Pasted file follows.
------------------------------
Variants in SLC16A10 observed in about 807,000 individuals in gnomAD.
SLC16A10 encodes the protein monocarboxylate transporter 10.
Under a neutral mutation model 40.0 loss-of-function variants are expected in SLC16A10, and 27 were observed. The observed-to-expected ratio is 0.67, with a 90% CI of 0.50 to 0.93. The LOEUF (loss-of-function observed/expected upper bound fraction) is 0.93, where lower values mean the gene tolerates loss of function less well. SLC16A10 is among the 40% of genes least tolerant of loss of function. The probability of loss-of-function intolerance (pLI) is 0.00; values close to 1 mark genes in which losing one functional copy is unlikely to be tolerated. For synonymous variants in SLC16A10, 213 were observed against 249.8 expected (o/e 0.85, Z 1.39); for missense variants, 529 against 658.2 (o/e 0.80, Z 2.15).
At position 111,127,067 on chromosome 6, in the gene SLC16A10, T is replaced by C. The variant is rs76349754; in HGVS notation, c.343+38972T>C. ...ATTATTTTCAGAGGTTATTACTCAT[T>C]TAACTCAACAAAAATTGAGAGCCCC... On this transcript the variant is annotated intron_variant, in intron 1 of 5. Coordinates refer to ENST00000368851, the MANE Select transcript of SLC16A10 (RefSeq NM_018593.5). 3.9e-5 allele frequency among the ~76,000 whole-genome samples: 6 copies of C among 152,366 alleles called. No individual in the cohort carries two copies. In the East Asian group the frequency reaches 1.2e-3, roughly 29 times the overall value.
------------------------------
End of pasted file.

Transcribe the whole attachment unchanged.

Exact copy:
Variants in SLC16A10 observed in about 807,000 individuals in gnomAD.
SLC16A10 encodes the protein monocarboxylate transporter 10.
Under a neutral mutation model 40.0 loss-of-function variants are expected in SLC16A10, and 27 were observed. The observed-to-expected ratio is 0.67, with a 90% CI of 0.50 to 0.93. The LOEUF (loss-of-function observed/expected upper bound fraction) is 0.93, where lower values mean the gene tolerates loss of function less well. SLC16A10 is among the 40% of genes least tolerant of loss of function. The probability of loss-of-function intolerance (pLI) is 0.00; values close to 1 mark genes in which losing one functional copy is unlikely to be tolerated. For synonymous variants in SLC16A10, 213 were observed against 249.8 expected (o/e 0.85, Z 1.39); for missense variants, 529 against 658.2 (o/e 0.80, Z 2.15).
At position 111,127,067 on chromosome 6, in the gene SLC16A10, T is replaced by C. The variant is rs76349754; in HGVS notation, c.343+38972T>C. ...ATTATTTTCAGAGGTTATTACTCAT[T>C]TAACTCAACAAAAATTGAGAGCCCC... On this transcript the variant is annotated intron_variant, in intron 1 of 5. Coordinates refer to ENST00000368851, the MANE Select transcript of SLC16A10 (RefSeq NM_018593.5). 3.9e-5 allele frequency among the ~76,000 whole-genome samples: 6 copies of C among 152,366 alleles called. No individual in the cohort carries two copies. In the East Asian group the frequency reaches 1.2e-3, roughly 29 times the overall value.